Wednesday, January 23, 2008
Frank Gehry's "Dancing Couple" building
We were pretty time-limited in Prague, given our last minute decision to go to Leipzig. While I quite liked Prague, in retrospect, reading over my notes, almost all of the sites we visited were quite grim.
We started with the Cathedral of St Vitus, which has a number of interesting sights – the tomb of St Wenceslas being one. In addition to his predilection for hiking in the snow, Good King Wenceslas was murdered by his brother, who then bolstered his political position by declared his sibling a martyr, which is not unlike murdering ones’ parents in order to garner the sympathy that comes from being an orphan.
Further down the aisle from King W was the tomb of St John Nepomuk, who was tortured, killed, and then thrown off the Charles Bridge into the Vltana River. When he was exhumed, years later, his tongue was found intact in his skull, which was taken as proof that he had not broken the seal of confession under torture. Later analysis proved the bit of meat to be his brain, thus lending historical credence to the admonishment to mind your tongue.
His tomb in the cathedral was constructed using two tonnes of silver, while his statue on the Charles Bridge is supposed to assure safe crossing to all who touch it. “Tortured to death and then thrown off a bridge” is not a life story I personally would associate with good luck, but I am perhaps too literal. Enough people do believe the story that the two bas-reliefs of John on his statue are polished from the grabby attentions of the faithful.
The castle itself had the usual assortment of grand halls (in which indoor jousting tournaments were held, for which I’m sure the Royal Janitor was grateful) and council rooms, out of which several Catholic advisors were thrown during a Protestant revolt, all three of whom survived a 15 meter fall and subsequent volley of musket fire. This too, was interpreted as divine intervention, leading me to ask, wouldn’t it have been easier for God have caused the windows to jam?
The castle also housed a torture chamber. Here, legend had it, a knight who had sided with a peasant uprising had been imprisoned. Supposedly, his boredom in incarceration drove him to learn the fiddle, from which he coaxed such beautiful music that the people of Prague would gather every night outside his window for an informal concert. This, our audio guide assured us, gave rise to the Czech expression “Necessity taught whatsisface to fiddle” (an equivalent to her having been the mother of invention).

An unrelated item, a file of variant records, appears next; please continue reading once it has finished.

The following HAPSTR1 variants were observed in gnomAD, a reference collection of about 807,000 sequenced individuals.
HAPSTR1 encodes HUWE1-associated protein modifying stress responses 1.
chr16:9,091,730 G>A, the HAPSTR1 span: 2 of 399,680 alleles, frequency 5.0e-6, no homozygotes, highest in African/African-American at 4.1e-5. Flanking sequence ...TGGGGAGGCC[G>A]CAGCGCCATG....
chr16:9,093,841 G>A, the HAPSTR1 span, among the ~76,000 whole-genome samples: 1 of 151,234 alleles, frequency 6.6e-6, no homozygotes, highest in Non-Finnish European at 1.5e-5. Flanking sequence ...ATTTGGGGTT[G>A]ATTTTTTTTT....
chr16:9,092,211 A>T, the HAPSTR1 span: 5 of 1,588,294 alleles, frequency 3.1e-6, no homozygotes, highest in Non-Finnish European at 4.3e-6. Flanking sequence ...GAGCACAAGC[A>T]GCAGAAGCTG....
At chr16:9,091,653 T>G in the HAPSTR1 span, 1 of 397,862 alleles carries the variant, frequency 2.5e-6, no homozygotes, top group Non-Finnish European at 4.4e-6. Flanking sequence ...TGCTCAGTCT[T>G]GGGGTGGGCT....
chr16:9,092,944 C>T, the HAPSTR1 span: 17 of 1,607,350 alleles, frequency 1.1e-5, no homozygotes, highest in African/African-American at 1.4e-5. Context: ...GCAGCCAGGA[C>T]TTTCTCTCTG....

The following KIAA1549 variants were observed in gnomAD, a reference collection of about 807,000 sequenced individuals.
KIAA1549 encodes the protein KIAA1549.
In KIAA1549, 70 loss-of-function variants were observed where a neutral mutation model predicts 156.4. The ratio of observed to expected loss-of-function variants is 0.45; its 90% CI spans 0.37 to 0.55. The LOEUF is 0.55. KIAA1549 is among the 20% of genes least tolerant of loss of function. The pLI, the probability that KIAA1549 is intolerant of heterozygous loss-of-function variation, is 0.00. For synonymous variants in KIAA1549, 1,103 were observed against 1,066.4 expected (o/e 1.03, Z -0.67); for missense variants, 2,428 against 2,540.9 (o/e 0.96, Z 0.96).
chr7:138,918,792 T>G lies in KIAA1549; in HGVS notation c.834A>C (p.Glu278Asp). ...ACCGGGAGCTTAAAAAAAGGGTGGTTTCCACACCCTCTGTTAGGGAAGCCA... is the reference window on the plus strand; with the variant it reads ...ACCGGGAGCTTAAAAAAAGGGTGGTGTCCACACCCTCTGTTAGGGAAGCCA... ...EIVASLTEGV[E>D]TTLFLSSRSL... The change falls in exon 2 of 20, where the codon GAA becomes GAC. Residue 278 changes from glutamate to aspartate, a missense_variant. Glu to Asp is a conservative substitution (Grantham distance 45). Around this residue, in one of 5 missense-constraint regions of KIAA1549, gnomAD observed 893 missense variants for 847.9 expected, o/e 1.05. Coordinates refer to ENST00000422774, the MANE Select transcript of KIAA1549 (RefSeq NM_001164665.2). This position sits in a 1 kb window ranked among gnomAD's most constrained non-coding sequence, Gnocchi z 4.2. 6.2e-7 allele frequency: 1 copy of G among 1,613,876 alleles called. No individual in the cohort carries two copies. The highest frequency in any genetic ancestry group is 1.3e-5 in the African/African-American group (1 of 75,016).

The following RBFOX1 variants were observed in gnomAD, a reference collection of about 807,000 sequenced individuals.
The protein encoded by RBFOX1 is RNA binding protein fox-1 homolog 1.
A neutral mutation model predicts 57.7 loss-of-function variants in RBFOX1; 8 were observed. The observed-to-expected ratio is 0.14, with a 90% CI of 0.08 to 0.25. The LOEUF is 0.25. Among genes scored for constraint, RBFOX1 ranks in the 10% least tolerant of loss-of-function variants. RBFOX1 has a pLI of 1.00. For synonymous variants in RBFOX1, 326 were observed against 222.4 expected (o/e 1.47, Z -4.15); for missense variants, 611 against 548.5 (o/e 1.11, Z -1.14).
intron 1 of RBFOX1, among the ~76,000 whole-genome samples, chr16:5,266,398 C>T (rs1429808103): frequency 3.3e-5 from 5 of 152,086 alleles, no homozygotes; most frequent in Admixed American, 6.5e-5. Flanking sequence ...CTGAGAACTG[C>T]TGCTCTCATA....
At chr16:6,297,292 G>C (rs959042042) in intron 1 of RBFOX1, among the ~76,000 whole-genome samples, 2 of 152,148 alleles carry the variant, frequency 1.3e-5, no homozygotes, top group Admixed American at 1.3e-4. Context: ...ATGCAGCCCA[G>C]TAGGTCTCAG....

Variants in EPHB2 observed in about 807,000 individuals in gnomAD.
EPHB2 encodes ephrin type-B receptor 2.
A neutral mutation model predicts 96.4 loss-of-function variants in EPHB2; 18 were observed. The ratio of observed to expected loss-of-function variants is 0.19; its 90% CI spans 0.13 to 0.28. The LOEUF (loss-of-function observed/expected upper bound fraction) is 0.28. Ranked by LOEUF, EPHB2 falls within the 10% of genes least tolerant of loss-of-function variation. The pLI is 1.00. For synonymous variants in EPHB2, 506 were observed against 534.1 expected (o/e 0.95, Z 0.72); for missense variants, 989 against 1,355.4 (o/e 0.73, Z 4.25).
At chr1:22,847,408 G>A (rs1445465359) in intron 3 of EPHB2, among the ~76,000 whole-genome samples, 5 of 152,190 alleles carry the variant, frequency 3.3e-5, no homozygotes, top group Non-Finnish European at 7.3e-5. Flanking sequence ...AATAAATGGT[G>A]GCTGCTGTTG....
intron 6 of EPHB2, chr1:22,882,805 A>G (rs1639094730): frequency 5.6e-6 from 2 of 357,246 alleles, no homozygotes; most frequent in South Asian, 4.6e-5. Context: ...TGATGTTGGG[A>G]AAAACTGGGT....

Momma never told me there were going to be days like this
However, whoever made the audio guide did not consult with whomever have made the explanatory plaque, which stated that “necessity” was a euphemism for “torture” and “fiddle” a euphemism for “confessing,” just as a 30’s era gangster might “sing.”
On to the bridge – the Charles Bridge is supposed to be Prague’s distinguishing landmark, and it is quite a sight. It is lined on both sides by towering gothic saints placed there as part of a Jesuitical Counter Reformation propaganda effort, and who keep an eye on the throngs of tourists, musicians and souvenir hawkers.
One of the more elaborate statues shows a saint holding an open pair of manacles, on a pediment against which leans an affable looking Turk in a turban, who looms over a miniature prison in which two men plead for release as a snarling dog menaces them from outside.
This statue is a work of fiction. Any resemblance to current events is purely coincidental.
“I know this one,” I said, keen to prove my know-it-all credentials, based on my recollections of a hastily read passage from our guidebook. “This guy founded an order to ransom prisoners from the Turkish army, and he converted a lot of Turks and Jews in the process. The Turk there represents a convert.”
“Oh,” said Amynah, “Don’t you think he’s a jailer?”
“No, no” I said confidently, “Look how friendly he looks.”
“But he’s holding a whip behind his back,” she pointed out.
"In my other hand? What do you mean, what's in my other hand?"
“Oh,” I said, “Well, that one wasn't very sincere, was he?”